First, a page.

The more I read about eels, the more fascinated I am. This book was published almost a decade after Eels by James Prosek, and yet it doesn’t add a whole lot to the eel’s story. Not to say there isn’t a lot of different information, and what was familiar was presented from different angles, so I found it intriguing all over again (plus I had forgotten plenty of details in the meantime). But in the end, the unanswered questions still remain. The eel’s birthplace remains at most a highly probably best guess, still nobody has seen two eels mating, or found adult sexually mature eels in the Sargasso Sea. If I read about this in the first book I had forgotten: that young Sigmund Freud spent a month dissecting hundreds of eels in search of one that had reproductive organs (eels don’t develop sexual organs until they’re on their final journey to the sea to mate). I read (probably again) about the man who tracked down the eels’ breeding ground, by following the leaflike eel larvae searching for smaller and smaller ones until he must be near their birthplace. Twenty years of searching. I read about how eels were among the foods that saved early colonists in New England from starving (even though nobody eats eel for Thanksgiving, they should!) About an eel that a kid tossed down a well, and apparently it survived there for a hundred and fifty years, alone in the dark, eating the occasional thing that fell in. Eels can have a very long lifespan. And what’s crazy is that they make their journey back to the sea, undergoing a final metamorphosis into an adult eel, at anywhere from four or five years to thirty, fifty, eighty . . . or more. So two eels that meet in the Sargasso Sea could be “all in the same developmental phase, the same relative age, if you will, and yet the oldest seven times older than the youngest.” There’s stories of eels caught in their young stages and kept in captivity, that stayed in that phase for years and years, never developing further.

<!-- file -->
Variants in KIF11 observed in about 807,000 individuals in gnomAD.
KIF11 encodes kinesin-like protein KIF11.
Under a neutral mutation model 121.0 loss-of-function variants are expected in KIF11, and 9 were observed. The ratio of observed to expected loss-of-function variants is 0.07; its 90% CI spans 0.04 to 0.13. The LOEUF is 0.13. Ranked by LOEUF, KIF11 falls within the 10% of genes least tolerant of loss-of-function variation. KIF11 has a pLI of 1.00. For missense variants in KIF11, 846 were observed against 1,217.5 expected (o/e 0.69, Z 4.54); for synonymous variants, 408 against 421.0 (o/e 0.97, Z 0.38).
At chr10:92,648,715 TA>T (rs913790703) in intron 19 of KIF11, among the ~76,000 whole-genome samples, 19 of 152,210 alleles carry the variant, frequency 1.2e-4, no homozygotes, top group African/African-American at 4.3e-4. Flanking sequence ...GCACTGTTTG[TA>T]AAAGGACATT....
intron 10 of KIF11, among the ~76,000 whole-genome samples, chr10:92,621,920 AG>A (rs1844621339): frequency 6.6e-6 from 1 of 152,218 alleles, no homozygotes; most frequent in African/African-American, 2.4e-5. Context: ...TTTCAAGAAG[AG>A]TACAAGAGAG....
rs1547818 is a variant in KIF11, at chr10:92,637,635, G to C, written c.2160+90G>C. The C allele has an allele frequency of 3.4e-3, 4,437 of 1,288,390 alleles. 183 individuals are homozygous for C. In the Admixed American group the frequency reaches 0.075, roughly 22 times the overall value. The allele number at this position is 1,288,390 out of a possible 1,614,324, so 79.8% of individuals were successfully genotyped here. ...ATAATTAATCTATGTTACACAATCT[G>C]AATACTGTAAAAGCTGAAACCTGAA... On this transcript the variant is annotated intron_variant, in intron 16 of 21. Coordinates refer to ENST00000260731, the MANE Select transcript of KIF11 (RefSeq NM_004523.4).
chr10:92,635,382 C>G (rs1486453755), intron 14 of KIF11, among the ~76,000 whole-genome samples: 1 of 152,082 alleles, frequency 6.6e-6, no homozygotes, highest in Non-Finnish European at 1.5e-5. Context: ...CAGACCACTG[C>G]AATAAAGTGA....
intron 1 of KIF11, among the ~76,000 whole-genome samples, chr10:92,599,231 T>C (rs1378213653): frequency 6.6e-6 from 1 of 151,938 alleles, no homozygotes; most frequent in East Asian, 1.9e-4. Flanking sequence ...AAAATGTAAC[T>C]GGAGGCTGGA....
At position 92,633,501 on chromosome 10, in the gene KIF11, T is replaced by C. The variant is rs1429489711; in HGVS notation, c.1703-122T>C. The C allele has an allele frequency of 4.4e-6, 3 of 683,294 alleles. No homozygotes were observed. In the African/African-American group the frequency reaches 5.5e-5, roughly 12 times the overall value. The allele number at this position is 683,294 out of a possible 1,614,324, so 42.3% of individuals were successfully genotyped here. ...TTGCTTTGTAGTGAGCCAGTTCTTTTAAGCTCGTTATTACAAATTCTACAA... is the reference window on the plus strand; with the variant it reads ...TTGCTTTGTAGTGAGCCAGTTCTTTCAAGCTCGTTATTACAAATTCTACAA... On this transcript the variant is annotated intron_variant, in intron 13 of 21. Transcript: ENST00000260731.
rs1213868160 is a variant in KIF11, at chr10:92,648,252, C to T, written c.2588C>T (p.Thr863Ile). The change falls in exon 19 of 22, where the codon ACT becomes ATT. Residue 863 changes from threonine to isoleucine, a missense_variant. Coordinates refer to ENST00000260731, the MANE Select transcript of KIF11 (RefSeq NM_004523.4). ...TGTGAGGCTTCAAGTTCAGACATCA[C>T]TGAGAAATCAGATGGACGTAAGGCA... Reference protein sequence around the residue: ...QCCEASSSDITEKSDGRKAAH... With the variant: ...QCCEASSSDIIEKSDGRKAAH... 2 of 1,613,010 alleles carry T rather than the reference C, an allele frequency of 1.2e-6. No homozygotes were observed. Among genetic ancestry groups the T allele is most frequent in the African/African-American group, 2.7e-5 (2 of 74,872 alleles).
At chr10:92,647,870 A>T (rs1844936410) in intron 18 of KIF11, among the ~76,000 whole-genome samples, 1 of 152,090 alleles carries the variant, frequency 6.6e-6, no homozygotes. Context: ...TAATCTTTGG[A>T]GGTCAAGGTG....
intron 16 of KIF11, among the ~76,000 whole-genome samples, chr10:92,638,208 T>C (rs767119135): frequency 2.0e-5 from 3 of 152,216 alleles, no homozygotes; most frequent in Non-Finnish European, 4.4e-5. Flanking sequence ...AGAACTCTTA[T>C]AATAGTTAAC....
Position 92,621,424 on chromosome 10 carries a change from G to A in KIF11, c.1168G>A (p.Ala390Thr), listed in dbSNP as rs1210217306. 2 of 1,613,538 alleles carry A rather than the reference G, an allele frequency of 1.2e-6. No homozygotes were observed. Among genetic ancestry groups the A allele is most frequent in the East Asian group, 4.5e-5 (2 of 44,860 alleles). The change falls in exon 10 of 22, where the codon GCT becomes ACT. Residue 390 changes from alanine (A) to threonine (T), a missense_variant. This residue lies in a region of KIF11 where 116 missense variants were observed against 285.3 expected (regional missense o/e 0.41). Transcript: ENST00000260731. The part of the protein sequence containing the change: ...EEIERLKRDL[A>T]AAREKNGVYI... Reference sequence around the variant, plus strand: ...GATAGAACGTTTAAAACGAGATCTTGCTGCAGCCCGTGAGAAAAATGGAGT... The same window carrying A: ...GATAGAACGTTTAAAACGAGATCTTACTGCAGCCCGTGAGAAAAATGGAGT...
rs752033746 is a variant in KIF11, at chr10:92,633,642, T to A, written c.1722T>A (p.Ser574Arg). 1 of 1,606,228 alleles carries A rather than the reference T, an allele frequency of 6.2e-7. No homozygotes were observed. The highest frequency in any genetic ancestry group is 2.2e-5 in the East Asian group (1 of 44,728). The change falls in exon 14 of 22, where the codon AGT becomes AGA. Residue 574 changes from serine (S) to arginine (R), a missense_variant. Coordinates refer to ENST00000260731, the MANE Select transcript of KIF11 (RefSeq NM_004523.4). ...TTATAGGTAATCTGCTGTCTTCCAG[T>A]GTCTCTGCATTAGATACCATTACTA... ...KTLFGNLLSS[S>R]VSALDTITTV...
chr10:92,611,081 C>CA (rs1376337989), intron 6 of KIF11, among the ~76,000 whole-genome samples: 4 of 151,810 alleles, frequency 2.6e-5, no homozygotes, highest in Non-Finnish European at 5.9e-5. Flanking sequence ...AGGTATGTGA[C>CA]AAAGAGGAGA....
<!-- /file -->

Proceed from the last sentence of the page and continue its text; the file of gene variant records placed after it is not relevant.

There’s a lot of material in this book quoted from Rachel Carson’s Under the Sea Wind, which has a lengthy section about the life of an eel. And a passage reproduced and examined at length, from The Tin Drum by Gunter Grass, where the main character and his parents observed a man pull a dead horse’s head out of the water and extract eels from it. I found this passage very disturbing back then and disturbing now all over again! (In fact, a lot of that book was disturbing. It’s one I read in high school, the words captivated me and I was proud of reading a real dorstopper, but a lot of things in that book were rather repulsive, it’s one I kind of regret reading at all. However a lot of it also went way over my head, so not sure I can judge it fairly).
This book also has a lot of personal narrative, where the author describes fishing for eels with his father as a young boy, how their methods changed over the decades, and different details surrounding that. It was lovely, even though of course the eels die and get eaten. And the way they acquired a massive amount of worms to make a special kind of bait ball, was rather shocking!
Plus lots more facts and interesting stories and tidbits about the life and mystery of eels, of course. At the end, as is sadly the case with many books about wild animals that I read, is a chapter full of concern for indications that eel numbers are falling drastically, and it is likely this animal will go extinct before we even have understood it completely.
Borrowed from the public library.